By the end of World War II Britain's economy was in a mess. Also, quantities of steel had been consumed by armaments and there was a dire shortage of it. Car manufacturers needed plenty of steel so the government decided to ration it, giving priority to companies that used it for manufacturing products for export. The Austin A90 Atlantic was designed for the biggest market for cars then in the world – United States of America was it's main export target.
The car was designed to, hopefully, appeal to both American and British tastes. It failed dismally in both aims. Nippy, simple sports cars were all the rage in Britain whereas the Americans preferred big cars, fancy designs, lots of extras and colour schemes which, to British tastes, were pretty garish. Austin's designers took the worst of both and produced the car which appealed to neither.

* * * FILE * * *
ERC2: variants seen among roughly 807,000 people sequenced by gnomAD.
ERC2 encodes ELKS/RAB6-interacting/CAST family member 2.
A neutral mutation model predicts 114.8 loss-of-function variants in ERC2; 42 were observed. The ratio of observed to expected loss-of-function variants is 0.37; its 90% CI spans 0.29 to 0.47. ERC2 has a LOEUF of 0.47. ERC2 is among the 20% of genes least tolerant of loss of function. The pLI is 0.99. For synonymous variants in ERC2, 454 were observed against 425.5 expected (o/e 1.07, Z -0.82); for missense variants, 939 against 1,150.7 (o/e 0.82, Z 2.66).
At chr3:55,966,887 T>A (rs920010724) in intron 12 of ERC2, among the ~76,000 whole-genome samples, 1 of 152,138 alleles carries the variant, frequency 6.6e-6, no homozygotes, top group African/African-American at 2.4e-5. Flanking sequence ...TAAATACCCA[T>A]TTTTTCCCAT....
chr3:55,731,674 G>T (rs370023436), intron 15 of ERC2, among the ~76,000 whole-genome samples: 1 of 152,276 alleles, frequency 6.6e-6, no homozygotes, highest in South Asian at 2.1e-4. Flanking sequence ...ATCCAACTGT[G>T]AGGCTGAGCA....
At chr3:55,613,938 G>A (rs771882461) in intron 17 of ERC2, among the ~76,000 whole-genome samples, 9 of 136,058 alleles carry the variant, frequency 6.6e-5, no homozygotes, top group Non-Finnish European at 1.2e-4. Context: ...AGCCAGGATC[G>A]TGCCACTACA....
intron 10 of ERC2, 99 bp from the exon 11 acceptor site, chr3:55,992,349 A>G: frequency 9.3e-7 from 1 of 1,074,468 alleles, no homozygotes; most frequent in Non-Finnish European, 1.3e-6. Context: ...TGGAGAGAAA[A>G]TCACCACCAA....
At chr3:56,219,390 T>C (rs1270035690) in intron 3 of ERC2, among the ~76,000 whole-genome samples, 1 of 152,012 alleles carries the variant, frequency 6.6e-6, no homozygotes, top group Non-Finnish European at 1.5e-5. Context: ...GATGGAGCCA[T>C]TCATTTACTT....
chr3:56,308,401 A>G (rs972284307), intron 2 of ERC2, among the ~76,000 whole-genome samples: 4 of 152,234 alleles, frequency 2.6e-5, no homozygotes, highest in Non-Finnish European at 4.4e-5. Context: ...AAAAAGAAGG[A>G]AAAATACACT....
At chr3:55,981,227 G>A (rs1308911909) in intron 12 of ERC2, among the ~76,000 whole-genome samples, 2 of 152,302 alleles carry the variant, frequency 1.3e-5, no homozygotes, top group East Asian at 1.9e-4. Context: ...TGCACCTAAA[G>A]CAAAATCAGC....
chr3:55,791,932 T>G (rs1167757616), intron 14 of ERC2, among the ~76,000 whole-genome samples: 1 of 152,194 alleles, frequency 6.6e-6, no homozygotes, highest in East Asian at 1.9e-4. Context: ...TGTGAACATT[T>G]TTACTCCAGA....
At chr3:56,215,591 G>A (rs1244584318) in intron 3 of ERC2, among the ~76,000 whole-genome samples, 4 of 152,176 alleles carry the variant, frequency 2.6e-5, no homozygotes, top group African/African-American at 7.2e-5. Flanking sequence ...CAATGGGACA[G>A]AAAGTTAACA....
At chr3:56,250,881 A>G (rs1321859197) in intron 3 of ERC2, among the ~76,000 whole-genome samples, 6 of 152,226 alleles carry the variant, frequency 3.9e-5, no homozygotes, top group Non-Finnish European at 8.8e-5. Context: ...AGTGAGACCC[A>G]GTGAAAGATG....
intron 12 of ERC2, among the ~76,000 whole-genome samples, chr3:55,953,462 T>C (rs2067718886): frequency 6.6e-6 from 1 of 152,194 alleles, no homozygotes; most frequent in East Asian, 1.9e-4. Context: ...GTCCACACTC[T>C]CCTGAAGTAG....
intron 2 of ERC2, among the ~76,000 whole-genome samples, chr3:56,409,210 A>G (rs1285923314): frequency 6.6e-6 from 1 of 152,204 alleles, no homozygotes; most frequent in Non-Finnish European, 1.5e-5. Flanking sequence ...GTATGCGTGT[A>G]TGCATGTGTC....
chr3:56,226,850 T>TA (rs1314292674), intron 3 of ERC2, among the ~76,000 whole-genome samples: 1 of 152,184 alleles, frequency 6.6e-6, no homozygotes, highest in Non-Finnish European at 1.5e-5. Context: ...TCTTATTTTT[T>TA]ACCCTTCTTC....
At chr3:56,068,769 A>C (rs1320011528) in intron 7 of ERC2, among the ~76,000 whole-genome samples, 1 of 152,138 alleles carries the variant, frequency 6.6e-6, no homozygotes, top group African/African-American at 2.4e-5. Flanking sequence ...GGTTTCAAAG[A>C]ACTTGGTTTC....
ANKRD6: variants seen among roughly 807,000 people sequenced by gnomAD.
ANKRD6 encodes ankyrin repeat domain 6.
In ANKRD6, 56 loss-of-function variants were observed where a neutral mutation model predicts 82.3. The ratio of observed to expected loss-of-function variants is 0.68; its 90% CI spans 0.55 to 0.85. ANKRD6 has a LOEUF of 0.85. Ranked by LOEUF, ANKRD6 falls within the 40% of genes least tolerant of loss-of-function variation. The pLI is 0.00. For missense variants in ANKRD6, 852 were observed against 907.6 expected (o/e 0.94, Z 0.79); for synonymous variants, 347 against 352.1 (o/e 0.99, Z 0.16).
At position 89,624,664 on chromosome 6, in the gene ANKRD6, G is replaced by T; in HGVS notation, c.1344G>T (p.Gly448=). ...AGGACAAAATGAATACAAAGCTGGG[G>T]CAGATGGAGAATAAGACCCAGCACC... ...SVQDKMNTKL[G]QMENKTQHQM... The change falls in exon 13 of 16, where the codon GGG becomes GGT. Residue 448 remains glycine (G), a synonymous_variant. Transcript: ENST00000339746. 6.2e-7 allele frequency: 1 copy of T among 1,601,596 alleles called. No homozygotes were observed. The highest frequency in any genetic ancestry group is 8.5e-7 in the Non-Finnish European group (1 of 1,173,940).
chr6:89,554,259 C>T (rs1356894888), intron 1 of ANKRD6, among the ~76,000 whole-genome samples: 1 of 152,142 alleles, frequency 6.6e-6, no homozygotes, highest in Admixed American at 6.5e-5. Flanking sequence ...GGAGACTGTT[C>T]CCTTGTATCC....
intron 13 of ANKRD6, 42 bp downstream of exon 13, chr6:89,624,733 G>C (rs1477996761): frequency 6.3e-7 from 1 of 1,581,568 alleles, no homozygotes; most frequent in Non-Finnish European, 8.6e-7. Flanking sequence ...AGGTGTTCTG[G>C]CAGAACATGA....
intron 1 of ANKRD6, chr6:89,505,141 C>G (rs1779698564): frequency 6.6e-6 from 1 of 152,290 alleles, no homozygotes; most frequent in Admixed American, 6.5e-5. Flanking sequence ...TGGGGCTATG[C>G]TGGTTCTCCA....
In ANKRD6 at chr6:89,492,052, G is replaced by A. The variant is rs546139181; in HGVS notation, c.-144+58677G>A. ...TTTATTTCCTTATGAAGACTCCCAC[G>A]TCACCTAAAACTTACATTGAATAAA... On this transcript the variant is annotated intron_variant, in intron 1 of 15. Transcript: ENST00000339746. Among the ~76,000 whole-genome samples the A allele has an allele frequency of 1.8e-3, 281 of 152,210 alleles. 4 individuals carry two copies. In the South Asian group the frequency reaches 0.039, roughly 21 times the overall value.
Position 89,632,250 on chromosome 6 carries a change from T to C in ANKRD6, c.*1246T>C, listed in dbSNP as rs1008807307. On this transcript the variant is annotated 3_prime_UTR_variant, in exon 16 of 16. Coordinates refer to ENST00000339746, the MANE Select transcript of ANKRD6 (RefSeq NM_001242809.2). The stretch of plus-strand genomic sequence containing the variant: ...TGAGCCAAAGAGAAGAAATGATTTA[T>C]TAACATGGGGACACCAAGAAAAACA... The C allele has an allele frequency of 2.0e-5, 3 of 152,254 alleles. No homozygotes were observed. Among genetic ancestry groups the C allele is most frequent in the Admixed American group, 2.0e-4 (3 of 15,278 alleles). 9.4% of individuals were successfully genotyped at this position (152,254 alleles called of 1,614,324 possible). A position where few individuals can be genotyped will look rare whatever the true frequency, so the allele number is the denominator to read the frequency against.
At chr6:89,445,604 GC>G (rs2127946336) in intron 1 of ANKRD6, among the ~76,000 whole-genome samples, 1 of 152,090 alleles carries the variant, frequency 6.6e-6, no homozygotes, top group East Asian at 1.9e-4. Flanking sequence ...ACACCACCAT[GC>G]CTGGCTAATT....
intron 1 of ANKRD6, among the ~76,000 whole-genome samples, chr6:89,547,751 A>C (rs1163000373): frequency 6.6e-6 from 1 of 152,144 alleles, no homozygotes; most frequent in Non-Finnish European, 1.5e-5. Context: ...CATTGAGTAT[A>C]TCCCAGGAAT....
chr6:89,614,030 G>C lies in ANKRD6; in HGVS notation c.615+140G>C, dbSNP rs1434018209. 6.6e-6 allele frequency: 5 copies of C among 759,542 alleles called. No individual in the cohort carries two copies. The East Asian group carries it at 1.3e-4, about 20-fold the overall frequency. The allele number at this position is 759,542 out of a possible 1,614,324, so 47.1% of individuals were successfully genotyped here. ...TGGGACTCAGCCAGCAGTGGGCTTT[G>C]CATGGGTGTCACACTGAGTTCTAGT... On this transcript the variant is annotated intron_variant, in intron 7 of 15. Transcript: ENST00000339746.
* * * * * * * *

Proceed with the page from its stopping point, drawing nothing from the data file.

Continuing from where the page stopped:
The Atlantic was launched in 1948 with a determined sales drive in America. The body design was certainly American inspired (at least Austin's designers thought so) and the range of extras included hitherto unknown (at least in the UK) flashing indicators, hydraulically powered windows, a choice of radios, and even a hydraulically powered top for a convertible version! Metallic paint versions were available with weird and wonderful names.
The 2660cc engine, producing 88 brake horsepower, gave moderate performance; a top speed of 91 mph was possible with a nough to 60 time of just under 16 seconds. This however was at a time when Americans expected big engines with lots of power. It was heavy to drive; petrol consumption was also heavy at a time when it was expensive and in short supply. Americans were not impressed and British motorists were even less so.
As if the failings of the car were bad enough, Jaguar had the effrontery to bring out their XK 120 which debuted at the very same 1948 motor show; this was an instant success. Conversely sales of the Atlantic were sluggish; even a price reduction of about £650 failed to kick start a buying spree and only around 350 of them were sold in America out of a total production run of around 8000.
Perhaps, for the sake of Austin's reputation, it was just as well that so few were sold; it proved prone to rust, possibly as a result, at least partly because of the poor quality steel that was available at the time, and few examples have survived to this day.